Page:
Who/what would be your dream collaboration?

My dream collaboration used to be Guy Chambers, however (and I have no shame in bragging here) I’ve been lucky enough to write with him so that is one HUGE tick off the bucket list. I’d love to work with Greg Wells. He’s my latest craze and if you check out his discography, it’s insane how diverse/talented that guy is. Or Dave Sardy. He’s made some of my favourite sounding records. In terms of artists, I really want to see how Adele ticks. I asked Eg White who is the most talented person he has worked with, and Adele was his instant answer – and that guy has worked with everyone.

Where would you most like to perform or record?

I would love to work at Sunset Sound in LA. I’ve worked in most of the major studios in London but I’ve heard the live room in there is magic.

What has your journey been like since leaving Leeds Conservatoire?

It’s been very exciting and lucky, however I’m a big believer in making your own luck and didn’t slack off in finding it. I finished my time at Leeds Conservatoire, and was playing functions at the weekend to make some money and attempting to find myself something else to do, when I was asked by a tour-managing friend of mine to step in on a European tour with a Californian band in need of a drummer. I obliged and initially got asked to join full time and live in the 'States. Who would say no? So I moved back to my parents place in Hertfordshire and waited for visas to get sorted. One thing led to another and the whole thing fell through. However I was right next to London, and started hanging out with my mate Bruno Major (a Jazz graduate who’s an amazing artist and guitarist signed to Virgin US). We ran around trying to find session jobs and I landed myself one as Tom Odell’s drummer. I played on his album, toured a lot for a couple of years whilst trying to get myself into writing on the days off. In the meantime, myself and Bruno wrote a load of songs and in turn got some interest. Himself as an artist, and myself as a writer. I met my manager, Amy via an introduction from Dan Grech who was producing Tom’s album, did lots of writing and in turn got a publishing deal with BMG/Chrysalis and here I am! That’s an incredibly short version of events but that’s pretty much it.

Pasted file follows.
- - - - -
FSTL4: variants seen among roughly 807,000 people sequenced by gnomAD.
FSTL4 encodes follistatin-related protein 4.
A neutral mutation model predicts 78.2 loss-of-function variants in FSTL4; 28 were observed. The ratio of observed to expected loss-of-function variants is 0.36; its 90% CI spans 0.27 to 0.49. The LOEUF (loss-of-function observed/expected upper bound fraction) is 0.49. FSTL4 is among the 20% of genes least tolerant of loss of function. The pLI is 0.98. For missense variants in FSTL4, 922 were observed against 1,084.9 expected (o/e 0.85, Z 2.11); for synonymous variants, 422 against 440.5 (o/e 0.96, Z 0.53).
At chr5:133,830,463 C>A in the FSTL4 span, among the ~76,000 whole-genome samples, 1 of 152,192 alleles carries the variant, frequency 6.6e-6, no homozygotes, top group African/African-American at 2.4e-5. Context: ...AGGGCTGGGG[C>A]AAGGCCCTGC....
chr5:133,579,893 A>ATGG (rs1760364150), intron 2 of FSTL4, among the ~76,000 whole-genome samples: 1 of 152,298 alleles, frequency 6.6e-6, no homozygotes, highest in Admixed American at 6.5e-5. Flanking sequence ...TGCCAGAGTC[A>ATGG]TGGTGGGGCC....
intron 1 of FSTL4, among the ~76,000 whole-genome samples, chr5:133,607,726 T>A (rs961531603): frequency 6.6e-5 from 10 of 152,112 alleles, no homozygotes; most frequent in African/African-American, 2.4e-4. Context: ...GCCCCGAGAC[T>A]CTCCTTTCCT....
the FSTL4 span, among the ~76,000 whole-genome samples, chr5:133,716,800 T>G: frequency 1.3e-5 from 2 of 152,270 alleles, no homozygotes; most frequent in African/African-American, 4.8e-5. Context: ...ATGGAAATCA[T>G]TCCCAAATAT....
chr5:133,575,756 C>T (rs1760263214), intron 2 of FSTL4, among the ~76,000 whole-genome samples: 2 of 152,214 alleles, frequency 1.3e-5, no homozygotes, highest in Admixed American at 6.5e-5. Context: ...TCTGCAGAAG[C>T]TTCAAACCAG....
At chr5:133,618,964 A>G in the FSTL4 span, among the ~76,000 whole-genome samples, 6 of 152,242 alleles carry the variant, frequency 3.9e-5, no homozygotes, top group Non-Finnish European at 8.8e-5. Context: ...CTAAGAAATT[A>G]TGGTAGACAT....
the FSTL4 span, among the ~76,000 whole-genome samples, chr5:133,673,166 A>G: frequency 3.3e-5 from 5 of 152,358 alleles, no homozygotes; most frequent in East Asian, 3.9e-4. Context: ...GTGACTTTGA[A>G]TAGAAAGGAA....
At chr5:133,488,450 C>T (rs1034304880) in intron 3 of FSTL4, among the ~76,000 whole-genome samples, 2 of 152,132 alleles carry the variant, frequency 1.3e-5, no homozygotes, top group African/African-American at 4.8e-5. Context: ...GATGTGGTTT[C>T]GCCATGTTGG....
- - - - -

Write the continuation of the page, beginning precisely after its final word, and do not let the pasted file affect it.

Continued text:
How have your studies at Leeds Conservatoire aided your career so far?

I obviously utilised the more academic aspects of the course and learnt a lot that way but where I gained the most benefit was the self-discovery that I wasn’t an artist. I was writing my own songs but felt nothing from the performance side of things. I just didn’t have the passion to shout these songs out with my own voice. It took those three years to realise that my love for writing remained behind the scenes, and with some great guidance from Danny Cope, my songwriting tutor, I worked out that co-writing with other artists was my thing.

What has been your greatest achievement?

In terms of drumming, playing on Tom Odell’s number one album.

And with writing, for now, it’s getting myself a publishing deal. The idea of that seemed so unreachable a few years ago. But moving forward, there’s a lot of cuts due to come out soon so I’m hoping I would answer that question a little differently in a year!

Where would you like to be in five years?

As long as I’m still a full time musician, I’ll be happy! Although winning an Ivor Novello would be nice…

If you had one piece of advice for a prospective student, what would it be?

Say yes to everything. That was my mentality at university. You have three or more years with nothing to lose and the oddest links come from saying yes to something else. The industry is as much about reputation and relationships as it is talent. If you got into Leeds Conservatoire, you’ve got the talent, so go find out why everyone else got in too.